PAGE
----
I can’t recall the last time that I was deeply affected by a book; shaken to the core, forced to analyze my beliefs, and profoundly changed on the other end of reading it. I just put White Noise down, and am wondering how I’ll be able to read anything else going forward. I haven’t had time to process all of my thoughts coherently, and am not sure I ever will, but I know that I didn’t want this book to end. There are so many layers to this book that I could talk about, but its most overt commentary – an incapacitating fear of death – hit me at the right time.

Everything we need that is not food or love is here in the tabloid racks. The tales of the supernatural and the extraterrestrial. The miracle vitamins, the cures for cancer, the remedies for obesity. The cults of the famous and the dead.

There is nothing dated about this work from 1985; the underlying themes feel relevant in our modern world, overrun by technology. This story is told from the perspective of Jack Gladney, patriarch to a blended family and teacher of Hitler Studies, but is very much about all of the members of his family. His kids are unique and represent many viewpoints, and his wife, Babette, provides powerful insight into the feeling of nothingness experienced by so many. These characters busy themselves with the white noise of life and are so consumed with the fear of death, that they ultimately fail to live meaningfully while they have the chance.

How strange it is. We have these deep terrible lingering fears about ourselves and the people we love. Yet we walk around, talk to people, eat and drink. We manage to function. The feelings are deep and real. Shouldn’t they paralyze us? How is it we can survive them, at least for a little while?

Yes, this book is nihilistic. It’s over the top and fantastical, yet somehow completely realistic. While I don’t fear death in such an extreme way as these characters, I do fear it for my loved ones. I can barely handle the thought that my kids are mortal beings, and at times it overwhelms me. Yet, I manage to function, because that’s what people do.

Isn’t death the boundary we need? Doesn’t it give precious texture to life, a sense of definition? You have to ask yourself whether anything you do in this life would have beauty and meaning without the knowledge you carry a final line, a border or limit. 

 

BOOK REVIEW | The Sellout by Paul Beatty | Man Booker 2016 Shortlist Selection

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4/5 stars

From the publisher:
Paul Beatty’s The Sellout showcases a comic genius at the top of his game. A biting satire about a young man’s isolated upbringing and the race trial that sends him to the Supreme Court, it challenges the sacred tenets of the United States Constitution, urban life, the civil rights movement, the father-son relationship, and the holy grail of racial equality—the black Chinese restaurant.

Born in the “agrarian ghetto” of Dickens—on the southern outskirts of Los Angeles—the narrator of The Sellout resigns himself to the fate of lower-middle-class Californians: “I’d die in the same bedroom I’d grown up in, looking up at the cracks in the stucco ceiling that’ve been there since ’68 quake.” Raised by a single father, a controversial sociologist, he spent his childhood as the subject in racially charged psychological studies. He is led to believe that his father’s pioneering work will result in a memoir that will solve his family’s financial woes, but when his father is killed in a police shoot-out, he realizes there never was a memoir. All that’s left is the bill for a drive-thru funeral.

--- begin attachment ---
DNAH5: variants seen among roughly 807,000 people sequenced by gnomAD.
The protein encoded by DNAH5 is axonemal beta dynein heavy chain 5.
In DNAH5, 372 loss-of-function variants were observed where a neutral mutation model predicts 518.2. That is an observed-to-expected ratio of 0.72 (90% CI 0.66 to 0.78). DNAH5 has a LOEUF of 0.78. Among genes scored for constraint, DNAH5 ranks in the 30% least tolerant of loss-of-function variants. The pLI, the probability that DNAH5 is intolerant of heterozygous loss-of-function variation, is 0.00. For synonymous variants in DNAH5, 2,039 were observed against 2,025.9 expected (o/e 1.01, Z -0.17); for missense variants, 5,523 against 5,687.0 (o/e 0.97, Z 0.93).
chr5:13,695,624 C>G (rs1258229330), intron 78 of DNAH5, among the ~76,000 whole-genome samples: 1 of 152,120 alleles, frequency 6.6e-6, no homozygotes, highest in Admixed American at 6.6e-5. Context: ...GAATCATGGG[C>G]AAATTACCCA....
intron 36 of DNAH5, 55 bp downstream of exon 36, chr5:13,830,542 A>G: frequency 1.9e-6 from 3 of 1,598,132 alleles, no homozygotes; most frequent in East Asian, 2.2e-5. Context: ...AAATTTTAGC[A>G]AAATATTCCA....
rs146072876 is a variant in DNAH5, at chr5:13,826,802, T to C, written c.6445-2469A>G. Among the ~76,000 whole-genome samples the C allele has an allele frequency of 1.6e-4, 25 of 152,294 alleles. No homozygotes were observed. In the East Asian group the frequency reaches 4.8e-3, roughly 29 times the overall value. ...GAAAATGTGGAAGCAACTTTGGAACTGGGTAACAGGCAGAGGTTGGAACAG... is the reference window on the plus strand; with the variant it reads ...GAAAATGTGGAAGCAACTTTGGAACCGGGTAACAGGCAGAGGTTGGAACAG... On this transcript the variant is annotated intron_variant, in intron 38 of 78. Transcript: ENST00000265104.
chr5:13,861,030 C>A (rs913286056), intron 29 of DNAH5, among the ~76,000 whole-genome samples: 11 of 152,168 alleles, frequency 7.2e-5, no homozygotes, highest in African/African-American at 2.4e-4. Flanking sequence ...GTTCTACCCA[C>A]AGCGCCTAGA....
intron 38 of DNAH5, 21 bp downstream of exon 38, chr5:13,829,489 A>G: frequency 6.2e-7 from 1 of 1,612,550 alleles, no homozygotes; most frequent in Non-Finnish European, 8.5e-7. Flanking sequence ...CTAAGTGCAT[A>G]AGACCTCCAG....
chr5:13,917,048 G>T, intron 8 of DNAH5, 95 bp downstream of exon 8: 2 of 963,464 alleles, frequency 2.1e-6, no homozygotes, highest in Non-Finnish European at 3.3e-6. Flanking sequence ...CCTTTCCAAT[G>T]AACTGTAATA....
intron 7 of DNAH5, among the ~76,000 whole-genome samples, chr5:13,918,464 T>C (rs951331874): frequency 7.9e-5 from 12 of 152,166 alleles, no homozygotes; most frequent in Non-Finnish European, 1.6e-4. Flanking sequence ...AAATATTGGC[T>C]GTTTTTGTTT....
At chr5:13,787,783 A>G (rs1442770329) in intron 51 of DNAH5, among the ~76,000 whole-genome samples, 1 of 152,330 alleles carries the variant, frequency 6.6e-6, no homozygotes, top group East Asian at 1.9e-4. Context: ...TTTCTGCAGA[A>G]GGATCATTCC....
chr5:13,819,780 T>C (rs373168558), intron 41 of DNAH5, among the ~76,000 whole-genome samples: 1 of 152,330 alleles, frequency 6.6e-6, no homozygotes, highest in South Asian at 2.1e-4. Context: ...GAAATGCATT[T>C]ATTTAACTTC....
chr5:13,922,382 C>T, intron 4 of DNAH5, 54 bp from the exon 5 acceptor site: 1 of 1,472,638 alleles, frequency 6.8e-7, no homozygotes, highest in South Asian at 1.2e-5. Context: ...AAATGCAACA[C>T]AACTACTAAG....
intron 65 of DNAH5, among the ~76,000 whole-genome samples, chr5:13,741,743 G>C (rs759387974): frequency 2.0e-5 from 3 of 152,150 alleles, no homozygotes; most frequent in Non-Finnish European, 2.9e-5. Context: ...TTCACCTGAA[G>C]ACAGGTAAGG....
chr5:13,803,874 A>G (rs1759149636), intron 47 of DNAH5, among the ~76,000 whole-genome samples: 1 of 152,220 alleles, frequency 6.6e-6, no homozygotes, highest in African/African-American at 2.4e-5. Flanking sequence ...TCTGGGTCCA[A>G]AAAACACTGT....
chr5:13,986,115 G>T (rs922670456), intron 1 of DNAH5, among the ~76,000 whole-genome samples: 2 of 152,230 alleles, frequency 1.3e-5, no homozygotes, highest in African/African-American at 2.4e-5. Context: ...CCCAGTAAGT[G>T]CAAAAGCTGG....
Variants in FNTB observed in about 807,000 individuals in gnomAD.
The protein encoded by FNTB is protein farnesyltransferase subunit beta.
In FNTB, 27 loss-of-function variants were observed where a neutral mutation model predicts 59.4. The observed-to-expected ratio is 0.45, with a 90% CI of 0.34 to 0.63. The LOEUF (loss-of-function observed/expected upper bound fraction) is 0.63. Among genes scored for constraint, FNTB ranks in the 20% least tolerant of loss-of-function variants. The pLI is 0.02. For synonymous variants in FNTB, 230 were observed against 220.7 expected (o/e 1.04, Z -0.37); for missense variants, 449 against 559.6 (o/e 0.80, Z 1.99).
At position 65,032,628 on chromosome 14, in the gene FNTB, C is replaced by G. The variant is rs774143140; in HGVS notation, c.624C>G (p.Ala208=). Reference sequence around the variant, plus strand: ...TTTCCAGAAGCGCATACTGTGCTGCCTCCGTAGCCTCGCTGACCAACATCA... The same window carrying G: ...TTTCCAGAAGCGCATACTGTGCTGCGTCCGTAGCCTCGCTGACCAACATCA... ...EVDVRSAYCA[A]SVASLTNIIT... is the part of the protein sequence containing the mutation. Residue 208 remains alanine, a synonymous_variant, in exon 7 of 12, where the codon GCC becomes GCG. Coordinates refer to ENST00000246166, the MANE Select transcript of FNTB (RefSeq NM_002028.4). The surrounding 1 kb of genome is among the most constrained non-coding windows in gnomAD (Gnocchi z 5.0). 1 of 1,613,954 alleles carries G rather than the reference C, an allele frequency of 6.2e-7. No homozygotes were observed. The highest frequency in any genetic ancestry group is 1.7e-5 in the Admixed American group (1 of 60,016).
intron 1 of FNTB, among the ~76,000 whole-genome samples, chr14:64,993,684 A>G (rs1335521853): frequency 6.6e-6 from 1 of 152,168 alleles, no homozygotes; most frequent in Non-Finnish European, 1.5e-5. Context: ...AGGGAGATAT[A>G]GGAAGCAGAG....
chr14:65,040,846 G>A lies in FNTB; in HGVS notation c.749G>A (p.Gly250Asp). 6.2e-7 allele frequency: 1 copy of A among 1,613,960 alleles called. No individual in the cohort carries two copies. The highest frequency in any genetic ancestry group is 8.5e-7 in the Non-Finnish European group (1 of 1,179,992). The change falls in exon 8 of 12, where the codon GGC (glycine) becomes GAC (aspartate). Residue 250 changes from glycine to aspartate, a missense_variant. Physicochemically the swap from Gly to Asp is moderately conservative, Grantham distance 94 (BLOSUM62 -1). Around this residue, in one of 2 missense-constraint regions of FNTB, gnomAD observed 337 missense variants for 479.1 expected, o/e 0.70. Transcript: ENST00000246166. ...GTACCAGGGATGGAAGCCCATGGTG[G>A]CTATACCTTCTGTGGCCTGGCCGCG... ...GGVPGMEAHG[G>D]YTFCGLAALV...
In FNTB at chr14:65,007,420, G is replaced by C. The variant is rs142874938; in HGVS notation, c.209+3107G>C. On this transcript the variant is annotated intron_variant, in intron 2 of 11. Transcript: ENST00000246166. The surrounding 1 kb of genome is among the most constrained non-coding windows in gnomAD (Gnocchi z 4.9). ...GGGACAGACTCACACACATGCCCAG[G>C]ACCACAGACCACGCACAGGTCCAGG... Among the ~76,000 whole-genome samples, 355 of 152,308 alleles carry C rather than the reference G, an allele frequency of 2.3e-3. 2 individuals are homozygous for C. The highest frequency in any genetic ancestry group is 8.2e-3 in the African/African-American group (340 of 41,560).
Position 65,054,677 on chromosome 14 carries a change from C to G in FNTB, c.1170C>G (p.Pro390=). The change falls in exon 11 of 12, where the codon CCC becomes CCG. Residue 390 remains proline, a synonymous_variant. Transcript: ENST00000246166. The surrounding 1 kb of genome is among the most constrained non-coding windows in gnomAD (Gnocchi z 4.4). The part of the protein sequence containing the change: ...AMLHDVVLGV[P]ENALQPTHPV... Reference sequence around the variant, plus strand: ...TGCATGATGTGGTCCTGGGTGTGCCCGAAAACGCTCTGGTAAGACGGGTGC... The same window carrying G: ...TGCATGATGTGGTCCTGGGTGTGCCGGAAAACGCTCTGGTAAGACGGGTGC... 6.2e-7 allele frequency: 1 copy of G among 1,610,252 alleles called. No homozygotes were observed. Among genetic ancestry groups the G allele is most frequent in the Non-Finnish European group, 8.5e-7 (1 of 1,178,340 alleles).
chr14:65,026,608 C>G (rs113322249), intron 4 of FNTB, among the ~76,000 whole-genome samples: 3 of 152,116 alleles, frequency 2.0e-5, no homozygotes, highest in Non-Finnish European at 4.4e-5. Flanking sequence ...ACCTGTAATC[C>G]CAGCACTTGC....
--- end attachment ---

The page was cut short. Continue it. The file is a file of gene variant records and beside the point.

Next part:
Fueled by this deceit and the general disrepair of his hometown, the narrator sets out to right another wrong: Dickens has literally been removed from the map to save California from further embarrassment. Enlisting the help of the town’s most famous resident—the last surviving Little Rascal, Hominy Jenkins—he initiates the most outrageous action conceivable: reinstating slavery and segregating the local high school, which lands him in the Supreme Court.

My thoughts:
I sit in a thickly padded chair that, not unlike this country, isn’t quite as comfortable as it looks. 

I hated this book. I mean, I did initially. The entire first chapter was just too much for me: outrageous and over the top, and I couldn’t yet see it’s purpose. Who does Paul Beatty think he is? This book is ridiculous! After all, this is a story about a black man reinstating slavery to save his home town.

I continued reading, however, and then I got angry. When the narrator’s father dies at the hands of the police, I let out the long breath I had been holding. This book is so important and so relevant to what is going in America right now. I’m half black and a very proud Canadian, but I have black relatives living in American that I worry about. Whenever I turn on the news to see a young black man lying dead in the streets I think about my cousin, my uncle. Something must change.

While this book is mean to provoke, to engage, to enrage, it also contains moments of clarity and joy. These two quotes made me laugh out loud:

How come there aren’t any African-American mermaids?  Because black women hate to get their hair wet.

I’m so fucking tied of black women always being described by their skin tones! Honey-colored this! Dark-chocolate that! My paternal grandmother was mocha-tinged, café-au-lait, graham-fucking-cracker brown!

There isn’t much I can say about this The Sellout that hasn’t already been said, and it’s incredibly difficult to comment on satire, but this book worked for me. Paul Beatty has an MFA in creative writing and a MA in psychology, and I can feel the depth of his education in these pages. The Sellout is both wildly imaginative and incredibly smart.

If you’re struggling to get into this book, try it out on audio! The audio helped me get into it, and I picked up the book shortly after.